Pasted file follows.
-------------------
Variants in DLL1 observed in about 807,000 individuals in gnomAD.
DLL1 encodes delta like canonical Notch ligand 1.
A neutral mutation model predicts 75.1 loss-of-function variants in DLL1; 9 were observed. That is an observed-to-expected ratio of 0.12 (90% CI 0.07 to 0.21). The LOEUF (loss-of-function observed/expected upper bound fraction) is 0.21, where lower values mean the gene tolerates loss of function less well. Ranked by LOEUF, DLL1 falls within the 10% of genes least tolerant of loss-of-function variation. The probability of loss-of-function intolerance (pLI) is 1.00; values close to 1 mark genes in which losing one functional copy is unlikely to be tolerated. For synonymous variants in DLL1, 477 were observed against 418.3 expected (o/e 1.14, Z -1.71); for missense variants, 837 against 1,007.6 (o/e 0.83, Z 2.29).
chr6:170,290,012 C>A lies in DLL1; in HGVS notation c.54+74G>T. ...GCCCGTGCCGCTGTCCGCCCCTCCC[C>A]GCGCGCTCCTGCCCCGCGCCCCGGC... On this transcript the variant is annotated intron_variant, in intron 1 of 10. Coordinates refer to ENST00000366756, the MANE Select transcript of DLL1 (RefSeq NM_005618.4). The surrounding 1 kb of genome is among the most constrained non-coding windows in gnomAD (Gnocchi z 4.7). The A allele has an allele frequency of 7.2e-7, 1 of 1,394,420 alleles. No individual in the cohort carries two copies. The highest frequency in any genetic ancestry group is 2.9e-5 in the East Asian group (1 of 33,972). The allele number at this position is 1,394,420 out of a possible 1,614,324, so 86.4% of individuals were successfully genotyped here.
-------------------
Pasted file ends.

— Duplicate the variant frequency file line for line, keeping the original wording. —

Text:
Variants in DLL1 observed in about 807,000 individuals in gnomAD.
DLL1 encodes delta like canonical Notch ligand 1.
A neutral mutation model predicts 75.1 loss-of-function variants in DLL1; 9 were observed. That is an observed-to-expected ratio of 0.12 (90% CI 0.07 to 0.21). The LOEUF (loss-of-function observed/expected upper bound fraction) is 0.21, where lower values mean the gene tolerates loss of function less well. Ranked by LOEUF, DLL1 falls within the 10% of genes least tolerant of loss-of-function variation. The probability of loss-of-function intolerance (pLI) is 1.00; values close to 1 mark genes in which losing one functional copy is unlikely to be tolerated. For synonymous variants in DLL1, 477 were observed against 418.3 expected (o/e 1.14, Z -1.71); for missense variants, 837 against 1,007.6 (o/e 0.83, Z 2.29).
chr6:170,290,012 C>A lies in DLL1; in HGVS notation c.54+74G>T. ...GCCCGTGCCGCTGTCCGCCCCTCCC[C>A]GCGCGCTCCTGCCCCGCGCCCCGGC... On this transcript the variant is annotated intron_variant, in intron 1 of 10. Coordinates refer to ENST00000366756, the MANE Select transcript of DLL1 (RefSeq NM_005618.4). The surrounding 1 kb of genome is among the most constrained non-coding windows in gnomAD (Gnocchi z 4.7). The A allele has an allele frequency of 7.2e-7, 1 of 1,394,420 alleles. No individual in the cohort carries two copies. The highest frequency in any genetic ancestry group is 2.9e-5 in the East Asian group (1 of 33,972). The allele number at this position is 1,394,420 out of a possible 1,614,324, so 86.4% of individuals were successfully genotyped here.